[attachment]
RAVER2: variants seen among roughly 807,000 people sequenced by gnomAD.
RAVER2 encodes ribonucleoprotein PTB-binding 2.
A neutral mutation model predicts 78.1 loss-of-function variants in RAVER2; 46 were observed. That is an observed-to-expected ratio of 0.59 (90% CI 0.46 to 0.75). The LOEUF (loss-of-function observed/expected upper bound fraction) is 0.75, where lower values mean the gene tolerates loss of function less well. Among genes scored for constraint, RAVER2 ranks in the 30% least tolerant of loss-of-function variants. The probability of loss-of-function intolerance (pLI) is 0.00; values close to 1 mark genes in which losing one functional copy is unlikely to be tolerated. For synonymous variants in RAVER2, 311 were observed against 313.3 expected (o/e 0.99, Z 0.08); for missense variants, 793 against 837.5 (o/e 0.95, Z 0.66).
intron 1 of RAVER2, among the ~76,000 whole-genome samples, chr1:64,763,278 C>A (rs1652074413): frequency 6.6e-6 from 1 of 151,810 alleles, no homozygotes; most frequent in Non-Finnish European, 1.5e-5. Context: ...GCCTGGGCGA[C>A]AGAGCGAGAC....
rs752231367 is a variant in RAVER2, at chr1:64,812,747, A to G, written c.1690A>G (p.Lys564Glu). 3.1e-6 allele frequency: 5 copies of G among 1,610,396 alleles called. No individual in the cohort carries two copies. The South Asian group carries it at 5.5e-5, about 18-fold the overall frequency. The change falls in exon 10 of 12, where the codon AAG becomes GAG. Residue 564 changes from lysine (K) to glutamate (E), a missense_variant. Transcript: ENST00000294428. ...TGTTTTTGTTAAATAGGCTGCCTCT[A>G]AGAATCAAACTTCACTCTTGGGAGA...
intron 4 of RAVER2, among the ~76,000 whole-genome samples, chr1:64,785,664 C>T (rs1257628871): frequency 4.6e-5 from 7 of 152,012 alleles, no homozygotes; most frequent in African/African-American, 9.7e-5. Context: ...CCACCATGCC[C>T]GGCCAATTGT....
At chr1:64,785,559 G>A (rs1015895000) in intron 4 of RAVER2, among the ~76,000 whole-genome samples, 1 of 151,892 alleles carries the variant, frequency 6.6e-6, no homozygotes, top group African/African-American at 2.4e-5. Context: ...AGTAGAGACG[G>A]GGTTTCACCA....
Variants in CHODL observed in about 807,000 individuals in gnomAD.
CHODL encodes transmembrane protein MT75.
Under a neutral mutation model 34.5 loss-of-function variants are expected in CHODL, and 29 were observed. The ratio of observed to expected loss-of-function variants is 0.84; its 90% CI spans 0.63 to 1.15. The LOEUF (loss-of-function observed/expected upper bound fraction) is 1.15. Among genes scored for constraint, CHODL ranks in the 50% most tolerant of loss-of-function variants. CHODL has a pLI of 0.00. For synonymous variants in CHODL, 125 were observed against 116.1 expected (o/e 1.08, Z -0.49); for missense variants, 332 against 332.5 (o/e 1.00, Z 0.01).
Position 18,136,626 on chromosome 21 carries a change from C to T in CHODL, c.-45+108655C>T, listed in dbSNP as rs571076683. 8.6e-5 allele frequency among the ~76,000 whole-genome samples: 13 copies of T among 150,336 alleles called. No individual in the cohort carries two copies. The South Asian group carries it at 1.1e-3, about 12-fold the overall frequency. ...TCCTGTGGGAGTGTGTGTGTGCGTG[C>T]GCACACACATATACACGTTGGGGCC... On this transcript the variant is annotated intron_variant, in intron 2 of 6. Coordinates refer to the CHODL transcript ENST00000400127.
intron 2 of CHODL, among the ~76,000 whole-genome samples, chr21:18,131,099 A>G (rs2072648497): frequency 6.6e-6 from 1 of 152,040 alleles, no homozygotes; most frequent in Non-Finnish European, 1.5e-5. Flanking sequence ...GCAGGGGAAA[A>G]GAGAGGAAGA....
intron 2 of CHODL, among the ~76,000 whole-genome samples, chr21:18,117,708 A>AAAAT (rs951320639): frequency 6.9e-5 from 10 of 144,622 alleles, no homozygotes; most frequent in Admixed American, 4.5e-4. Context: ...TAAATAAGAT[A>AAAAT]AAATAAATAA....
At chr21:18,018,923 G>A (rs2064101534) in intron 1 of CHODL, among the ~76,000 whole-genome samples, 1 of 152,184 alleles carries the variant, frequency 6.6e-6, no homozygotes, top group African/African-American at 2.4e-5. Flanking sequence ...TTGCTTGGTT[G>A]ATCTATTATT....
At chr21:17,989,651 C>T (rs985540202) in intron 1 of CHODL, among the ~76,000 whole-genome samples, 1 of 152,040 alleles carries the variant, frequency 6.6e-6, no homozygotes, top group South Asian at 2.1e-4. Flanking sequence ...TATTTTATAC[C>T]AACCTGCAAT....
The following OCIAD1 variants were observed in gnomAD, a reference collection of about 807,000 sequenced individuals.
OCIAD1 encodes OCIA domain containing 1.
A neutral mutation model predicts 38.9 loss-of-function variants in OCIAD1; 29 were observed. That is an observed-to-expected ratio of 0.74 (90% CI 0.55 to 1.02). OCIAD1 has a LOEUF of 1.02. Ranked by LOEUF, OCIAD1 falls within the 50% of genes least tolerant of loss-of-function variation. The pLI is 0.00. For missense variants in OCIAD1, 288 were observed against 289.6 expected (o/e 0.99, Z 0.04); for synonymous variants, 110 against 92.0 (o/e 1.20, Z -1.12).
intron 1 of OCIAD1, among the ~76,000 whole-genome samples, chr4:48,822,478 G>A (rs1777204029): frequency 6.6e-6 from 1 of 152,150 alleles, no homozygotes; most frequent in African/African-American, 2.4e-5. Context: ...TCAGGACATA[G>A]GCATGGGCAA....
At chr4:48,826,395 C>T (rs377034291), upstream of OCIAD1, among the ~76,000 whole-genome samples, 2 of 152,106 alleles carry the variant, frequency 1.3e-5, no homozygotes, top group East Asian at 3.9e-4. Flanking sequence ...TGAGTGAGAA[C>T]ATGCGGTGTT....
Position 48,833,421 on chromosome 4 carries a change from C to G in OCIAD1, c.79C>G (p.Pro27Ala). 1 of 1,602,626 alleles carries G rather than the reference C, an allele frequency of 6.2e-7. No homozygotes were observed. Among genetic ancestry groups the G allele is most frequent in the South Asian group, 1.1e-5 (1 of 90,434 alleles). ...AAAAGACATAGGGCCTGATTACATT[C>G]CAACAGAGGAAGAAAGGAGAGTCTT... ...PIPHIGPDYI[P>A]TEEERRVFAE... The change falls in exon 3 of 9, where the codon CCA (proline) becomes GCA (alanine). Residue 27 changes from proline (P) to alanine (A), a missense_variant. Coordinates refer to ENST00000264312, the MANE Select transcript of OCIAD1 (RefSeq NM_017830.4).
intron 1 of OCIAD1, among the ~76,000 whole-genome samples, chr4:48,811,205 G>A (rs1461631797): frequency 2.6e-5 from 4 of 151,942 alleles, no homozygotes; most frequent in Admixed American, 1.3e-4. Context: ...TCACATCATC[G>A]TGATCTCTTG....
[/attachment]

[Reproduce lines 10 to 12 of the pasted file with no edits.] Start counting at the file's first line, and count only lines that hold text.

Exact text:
Under a neutral mutation model 34.5 loss-of-function variants are expected in CHODL, and 29 were observed. The ratio of observed to expected loss-of-function variants is 0.84; its 90% CI spans 0.63 to 1.15. The LOEUF (loss-of-function observed/expected upper bound fraction) is 1.15. Among genes scored for constraint, CHODL ranks in the 50% most tolerant of loss-of-function variants. CHODL has a pLI of 0.00. For synonymous variants in CHODL, 125 were observed against 116.1 expected (o/e 1.08, Z -0.49); for missense variants, 332 against 332.5 (o/e 1.00, Z 0.01).
Position 18,136,626 on chromosome 21 carries a change from C to T in CHODL, c.-45+108655C>T, listed in dbSNP as rs571076683. 8.6e-5 allele frequency among the ~76,000 whole-genome samples: 13 copies of T among 150,336 alleles called. No individual in the cohort carries two copies. The South Asian group carries it at 1.1e-3, about 12-fold the overall frequency. ...TCCTGTGGGAGTGTGTGTGTGCGTG[C>T]GCACACACATATACACGTTGGGGCC... On this transcript the variant is annotated intron_variant, in intron 2 of 6. Coordinates refer to the CHODL transcript ENST00000400127.
intron 2 of CHODL, among the ~76,000 whole-genome samples, chr21:18,131,099 A>G (rs2072648497): frequency 6.6e-6 from 1 of 152,040 alleles, no homozygotes; most frequent in Non-Finnish European, 1.5e-5. Flanking sequence ...GCAGGGGAAA[A>G]GAGAGGAAGA....